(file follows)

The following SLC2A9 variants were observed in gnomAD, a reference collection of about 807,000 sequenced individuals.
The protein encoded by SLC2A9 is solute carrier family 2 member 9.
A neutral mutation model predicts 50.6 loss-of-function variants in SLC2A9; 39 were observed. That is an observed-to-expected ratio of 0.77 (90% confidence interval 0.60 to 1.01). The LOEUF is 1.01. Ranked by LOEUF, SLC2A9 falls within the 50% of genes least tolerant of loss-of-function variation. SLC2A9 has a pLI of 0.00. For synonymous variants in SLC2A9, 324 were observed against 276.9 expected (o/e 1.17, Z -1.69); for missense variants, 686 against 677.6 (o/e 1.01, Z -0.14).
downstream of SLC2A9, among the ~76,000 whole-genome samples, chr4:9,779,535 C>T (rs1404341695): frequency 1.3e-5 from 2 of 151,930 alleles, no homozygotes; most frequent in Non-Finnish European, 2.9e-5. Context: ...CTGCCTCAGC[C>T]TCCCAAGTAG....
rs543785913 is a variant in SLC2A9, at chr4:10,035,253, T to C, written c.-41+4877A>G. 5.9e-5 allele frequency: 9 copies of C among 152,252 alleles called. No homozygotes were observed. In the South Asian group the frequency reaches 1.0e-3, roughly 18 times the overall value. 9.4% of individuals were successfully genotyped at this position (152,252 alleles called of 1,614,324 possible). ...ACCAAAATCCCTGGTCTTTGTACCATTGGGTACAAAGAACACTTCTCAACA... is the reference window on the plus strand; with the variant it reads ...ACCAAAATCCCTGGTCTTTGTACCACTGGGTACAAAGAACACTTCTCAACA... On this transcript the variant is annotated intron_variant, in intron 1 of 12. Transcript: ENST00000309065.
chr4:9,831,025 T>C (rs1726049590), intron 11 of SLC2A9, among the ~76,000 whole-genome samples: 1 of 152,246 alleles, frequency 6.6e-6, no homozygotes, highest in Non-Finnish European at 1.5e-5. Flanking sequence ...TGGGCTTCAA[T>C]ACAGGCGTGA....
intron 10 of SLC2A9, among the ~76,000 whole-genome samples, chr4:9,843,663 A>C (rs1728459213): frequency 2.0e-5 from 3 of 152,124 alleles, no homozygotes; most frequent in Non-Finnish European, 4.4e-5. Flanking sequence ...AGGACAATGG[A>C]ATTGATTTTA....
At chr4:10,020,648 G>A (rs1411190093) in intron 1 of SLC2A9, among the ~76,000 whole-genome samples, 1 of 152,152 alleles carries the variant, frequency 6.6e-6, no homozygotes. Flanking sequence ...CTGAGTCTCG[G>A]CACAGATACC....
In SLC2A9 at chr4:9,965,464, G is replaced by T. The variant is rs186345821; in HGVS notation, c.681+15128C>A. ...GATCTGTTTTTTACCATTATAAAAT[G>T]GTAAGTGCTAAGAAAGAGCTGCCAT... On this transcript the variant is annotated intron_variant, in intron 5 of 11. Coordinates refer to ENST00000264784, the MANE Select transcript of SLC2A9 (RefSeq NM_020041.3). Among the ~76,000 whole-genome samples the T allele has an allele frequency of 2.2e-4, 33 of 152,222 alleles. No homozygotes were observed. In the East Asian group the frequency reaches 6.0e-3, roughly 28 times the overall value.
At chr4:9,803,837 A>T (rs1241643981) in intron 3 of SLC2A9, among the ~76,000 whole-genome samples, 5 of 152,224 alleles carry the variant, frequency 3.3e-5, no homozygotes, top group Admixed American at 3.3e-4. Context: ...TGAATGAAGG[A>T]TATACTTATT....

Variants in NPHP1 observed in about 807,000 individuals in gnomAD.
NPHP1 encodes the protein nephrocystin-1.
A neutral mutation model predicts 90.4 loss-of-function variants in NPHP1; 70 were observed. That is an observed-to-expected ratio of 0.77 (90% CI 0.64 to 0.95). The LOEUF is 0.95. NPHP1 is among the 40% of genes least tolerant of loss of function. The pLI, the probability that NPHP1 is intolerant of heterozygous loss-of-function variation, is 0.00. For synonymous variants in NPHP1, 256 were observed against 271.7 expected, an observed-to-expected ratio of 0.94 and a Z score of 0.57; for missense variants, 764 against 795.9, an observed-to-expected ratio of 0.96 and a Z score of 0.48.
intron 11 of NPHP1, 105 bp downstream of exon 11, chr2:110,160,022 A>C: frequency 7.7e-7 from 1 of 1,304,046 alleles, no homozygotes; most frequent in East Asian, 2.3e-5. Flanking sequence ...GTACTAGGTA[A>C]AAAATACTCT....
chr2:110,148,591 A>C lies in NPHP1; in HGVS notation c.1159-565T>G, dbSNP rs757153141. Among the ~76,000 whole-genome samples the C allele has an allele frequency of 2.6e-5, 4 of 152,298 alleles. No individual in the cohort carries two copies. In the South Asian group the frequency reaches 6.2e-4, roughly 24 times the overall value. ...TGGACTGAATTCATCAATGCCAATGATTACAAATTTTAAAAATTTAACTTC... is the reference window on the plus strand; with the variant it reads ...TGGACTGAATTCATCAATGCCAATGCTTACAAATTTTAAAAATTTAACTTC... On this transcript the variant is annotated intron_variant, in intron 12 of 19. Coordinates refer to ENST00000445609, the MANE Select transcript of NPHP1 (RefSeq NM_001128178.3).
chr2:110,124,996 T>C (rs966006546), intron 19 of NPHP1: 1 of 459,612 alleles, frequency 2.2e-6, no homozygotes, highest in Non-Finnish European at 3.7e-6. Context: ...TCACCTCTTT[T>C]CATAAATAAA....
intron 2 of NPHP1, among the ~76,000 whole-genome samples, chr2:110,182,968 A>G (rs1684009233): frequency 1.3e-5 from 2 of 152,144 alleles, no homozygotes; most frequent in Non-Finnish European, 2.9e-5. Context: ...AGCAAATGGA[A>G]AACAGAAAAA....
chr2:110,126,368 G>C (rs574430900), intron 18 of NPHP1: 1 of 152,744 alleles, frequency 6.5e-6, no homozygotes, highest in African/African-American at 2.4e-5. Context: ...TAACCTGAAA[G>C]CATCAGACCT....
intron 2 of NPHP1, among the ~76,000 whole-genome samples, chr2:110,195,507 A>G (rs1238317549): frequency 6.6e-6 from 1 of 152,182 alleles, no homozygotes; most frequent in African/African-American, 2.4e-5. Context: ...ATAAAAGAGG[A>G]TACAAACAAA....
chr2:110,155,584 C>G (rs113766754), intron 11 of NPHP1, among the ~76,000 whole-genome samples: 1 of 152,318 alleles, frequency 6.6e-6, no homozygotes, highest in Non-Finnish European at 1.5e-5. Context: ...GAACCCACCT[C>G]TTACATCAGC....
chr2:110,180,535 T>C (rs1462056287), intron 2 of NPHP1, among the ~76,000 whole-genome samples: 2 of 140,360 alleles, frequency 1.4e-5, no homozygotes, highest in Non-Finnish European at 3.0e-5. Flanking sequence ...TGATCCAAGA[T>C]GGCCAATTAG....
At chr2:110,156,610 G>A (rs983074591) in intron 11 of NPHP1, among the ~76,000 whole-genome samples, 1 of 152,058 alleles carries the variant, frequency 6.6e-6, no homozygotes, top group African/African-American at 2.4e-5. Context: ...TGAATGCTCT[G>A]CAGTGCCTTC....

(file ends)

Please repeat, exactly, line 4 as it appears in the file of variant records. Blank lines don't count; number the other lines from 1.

downstream of SLC2A9, among the ~76,000 whole-genome samples, chr4:9,779,535 C>T (rs1404341695): frequency 1.3e-5 from 2 of 151,930 alleles, no homozygotes; most frequent in Non-Finnish European, 2.9e-5. Context: ...CTGCCTCAGC[C>T]TCCCAAGTAG....